What do you do with twenty-four hours to kill in Dar es Salaam? The pseudo capital of Tanzania doesn’t normally feature on the tourist trail other than an entry, exit or transit point, a small blip on the itinerary in between safaris, summiting and sunbathing. It’s a dirty, hot, humid, chaotic conurbation; one of the world’s fastest growing cities. But behind this facade what does the metropolis offer the stranger on a layover? I’ve taken on this challenge many many times, so here are just a few suggestions of how to turn Dar es Salaam into a highlight of your trip.
The peninsula just north-east of the city centre is an expat enclave where there are plenty of activities all close by and easily accessible. A short ferry ride away, Bongoyo island is a jewel in the ocean. This white sand and turquoise sea oasis provides a welcome break from the muggy weather. It’s a pretty sweet spot to relax in the shade, swim in the bath temperature water and relish the freshest seafood you can imagine. Depending on the catch of the day, the lobster is the outstanding choice for lunch, two straight out of the ocean plus a portion of chips for around £10. Delish.
The snorkeling off the island is pretty fine too. Bongoyo’s waters offer a good selection of fish, rays, eels, and squid, as well as a shipwreck to dive down and around. Back on shore, the giant coconut crabs make you feel like you have landed in Gulliver’s Travels.
It’s the kind of place where you go with great intentions to catch up with some reading or plan more of your travels but end up lulled into a restorative afternoon nap. Life’s a beach!
As the return boat drops off at the Slipway commercial complex, it is a great excuse to pick up a truly unique souvenir. Tanzanite is a gemstone that is named after the only country where it is found and has a really neat blue-violet hue. One of the Slipway stores, URU, has made some stunning jewellery from rough cut Tanzanite stones which have featured in high-end fashion magazines and on international runways. Inspired by the local methods of weaving bracelets and using the old-fashioned explorer techniques to find the gems, URU is at the forefront of East African style.
After all that shopping and looking fabulous, it’s necessary to indulge in a spectacular seafront sunset whilst enjoying a cold drink. There are a couple of places at Slipway that ticks all those boxes, but the most simple and relaxed place is along the concrete jetty to the small shack next to where the ferry leaves. This laid-back joint consists of a few plastic tables and chairs, a hut with a waitress, a radio, and a fridge full of beverages. And a view like this:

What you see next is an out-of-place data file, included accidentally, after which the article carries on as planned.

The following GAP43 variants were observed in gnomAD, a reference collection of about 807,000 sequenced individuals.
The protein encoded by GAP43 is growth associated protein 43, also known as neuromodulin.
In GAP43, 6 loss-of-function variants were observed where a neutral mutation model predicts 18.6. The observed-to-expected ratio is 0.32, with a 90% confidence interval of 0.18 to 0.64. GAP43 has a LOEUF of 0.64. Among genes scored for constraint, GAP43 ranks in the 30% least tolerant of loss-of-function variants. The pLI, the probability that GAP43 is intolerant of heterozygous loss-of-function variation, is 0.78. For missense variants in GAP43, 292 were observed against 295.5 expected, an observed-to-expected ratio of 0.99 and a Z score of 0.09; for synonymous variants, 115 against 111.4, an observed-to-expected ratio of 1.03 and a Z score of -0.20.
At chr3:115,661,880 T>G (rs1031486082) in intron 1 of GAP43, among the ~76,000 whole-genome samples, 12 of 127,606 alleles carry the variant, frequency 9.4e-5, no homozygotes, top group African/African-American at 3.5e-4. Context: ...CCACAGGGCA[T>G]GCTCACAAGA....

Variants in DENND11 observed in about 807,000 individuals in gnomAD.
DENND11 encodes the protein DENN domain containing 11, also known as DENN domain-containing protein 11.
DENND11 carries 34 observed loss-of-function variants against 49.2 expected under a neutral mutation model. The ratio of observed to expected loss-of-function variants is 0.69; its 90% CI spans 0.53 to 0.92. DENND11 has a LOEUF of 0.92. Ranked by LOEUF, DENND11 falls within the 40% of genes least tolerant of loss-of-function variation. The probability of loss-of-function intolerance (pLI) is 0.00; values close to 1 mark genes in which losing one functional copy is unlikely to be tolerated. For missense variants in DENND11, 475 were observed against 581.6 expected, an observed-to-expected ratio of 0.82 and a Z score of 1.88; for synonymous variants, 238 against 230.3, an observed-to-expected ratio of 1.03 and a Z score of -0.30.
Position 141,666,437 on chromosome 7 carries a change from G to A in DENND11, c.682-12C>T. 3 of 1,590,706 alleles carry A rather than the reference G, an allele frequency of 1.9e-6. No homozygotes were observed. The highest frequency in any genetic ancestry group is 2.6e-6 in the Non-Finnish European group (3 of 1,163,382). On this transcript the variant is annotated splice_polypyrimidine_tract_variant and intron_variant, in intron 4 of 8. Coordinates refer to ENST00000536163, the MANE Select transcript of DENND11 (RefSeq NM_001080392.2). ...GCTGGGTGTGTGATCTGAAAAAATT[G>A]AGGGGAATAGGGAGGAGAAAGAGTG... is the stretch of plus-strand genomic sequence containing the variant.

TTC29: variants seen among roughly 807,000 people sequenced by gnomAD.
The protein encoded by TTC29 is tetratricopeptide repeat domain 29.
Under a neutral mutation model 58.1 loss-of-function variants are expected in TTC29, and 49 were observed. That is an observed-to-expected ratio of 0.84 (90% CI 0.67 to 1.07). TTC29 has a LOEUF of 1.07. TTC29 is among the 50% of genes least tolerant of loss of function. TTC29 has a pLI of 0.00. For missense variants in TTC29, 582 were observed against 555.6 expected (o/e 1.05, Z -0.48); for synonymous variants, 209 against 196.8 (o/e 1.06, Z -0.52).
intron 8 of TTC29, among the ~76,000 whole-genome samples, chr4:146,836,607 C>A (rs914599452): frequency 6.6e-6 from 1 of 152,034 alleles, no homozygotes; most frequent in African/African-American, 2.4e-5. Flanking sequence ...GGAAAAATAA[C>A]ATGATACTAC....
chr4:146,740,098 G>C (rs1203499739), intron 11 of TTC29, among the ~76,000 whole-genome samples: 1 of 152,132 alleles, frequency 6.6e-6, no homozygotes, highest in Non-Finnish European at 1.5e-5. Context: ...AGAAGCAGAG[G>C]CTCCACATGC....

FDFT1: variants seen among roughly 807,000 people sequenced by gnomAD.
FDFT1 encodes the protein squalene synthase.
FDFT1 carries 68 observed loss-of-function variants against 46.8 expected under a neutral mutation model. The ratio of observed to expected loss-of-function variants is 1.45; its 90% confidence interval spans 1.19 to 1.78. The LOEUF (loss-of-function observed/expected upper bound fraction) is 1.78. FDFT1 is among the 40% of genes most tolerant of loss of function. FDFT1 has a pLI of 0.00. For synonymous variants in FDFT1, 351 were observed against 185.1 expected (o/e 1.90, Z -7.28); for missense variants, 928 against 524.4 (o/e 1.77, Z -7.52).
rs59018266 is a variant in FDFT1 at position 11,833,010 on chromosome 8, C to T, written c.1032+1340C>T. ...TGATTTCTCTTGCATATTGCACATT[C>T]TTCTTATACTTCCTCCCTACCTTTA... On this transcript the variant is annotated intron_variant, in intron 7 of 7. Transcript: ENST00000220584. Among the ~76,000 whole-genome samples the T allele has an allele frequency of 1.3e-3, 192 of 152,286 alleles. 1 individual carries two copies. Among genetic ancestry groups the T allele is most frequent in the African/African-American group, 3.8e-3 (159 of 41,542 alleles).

One of the most inventive and interesting restaurants in Dar es Salaam is the Kind Earth Eatery. It can be challenging to consistently find ingredients in this African metropolis, but despite this problem, the creative forces behind this diner manage to pull some special dishes out of the bag. A mecca for vegetarians, vegans, and gluten intolerant people, Kind Earth has also managed to convert some hungry carnivores into plant lovers! With cashew nut cheesecakes, mock lobster salad and lentil nut loaf you won’t be disappointed.
Triniti is a popping bar run by three sisters who share Dutch and Tanzania heritage. Their joint also serves up a meat feast of giant steaks, chunky kebabs, soft fish skewers and daily specials, along with the most kick-ass chili sauce that side of the equator. The dynamic establishment hosts special events, from educating presentational talk evenings, to big sports events screenings and regular trivia nights. However, on Friday’s Triniti is the hottest late night destination for anyone looking for a bit of a boogie. The crowd is usually a mixture of more affluent Tanzanians, visiting short-term foreign volunteers and expat residents. They all have one thing in common – they love a great atmosphere to meet new people, have a few drinks and maybe catch the rhythmic fever to show off their most mesmeric moves. Luckily there is a dance floor where live bands and DJ’s fill the floor with anything from western R&B to afro house mashed up with the local Swahili music known as ‘bongo flava’.
If you need a break from busting out the robot or slamming down some shimmies there is a candlelit garden area with table service, which is one of the best ideas ever. And when everything gets a bit too much, Triniti is also conveniently a guesthouse!
After a little lie in it’s a good idea to gently awaken the mind, body, and soul. Begin the day with a visual feast at the Vijana Vipaji Foundation’s gallery, a cute space that hosts exhibitions from both the local art community and neighbouring countries. The talent is evident, with lots of styles to choose from the works are influenced by traditional customs, rural scenes and, of course, use lot of colour. One of the popular painters is Salum Kambi, whose abstract style eloquently captures so many typical Dar es Salaam moments perfectly, from calm beach views to the energy of in-flight birds:
On the other side of the Vijana Vipaji Foundation building, Makuti Dar is bursting with a selection of fresh smoothies and brunch options to help jump-start the body. And if that fails, there is a giant trampoline! They have tummy pleasing wraps, scintillating salads, banging burgers, hangover-curing filled baguettes and moreish rice bowls. It’s a nice, restorative pit-stop before leaving the leafy peninsular suburb of Dar es Salaam behind.
Despite all of its brashness, Dar es Salaam can be charming to those who decide to stay, even if it is just for a little while. There’s far more to this mushrooming town than meets the eye, and a day only allows for a peek at what’s on offer. As the locals often remind you, “karibu tena”, which means sincerely, you are welcome back.
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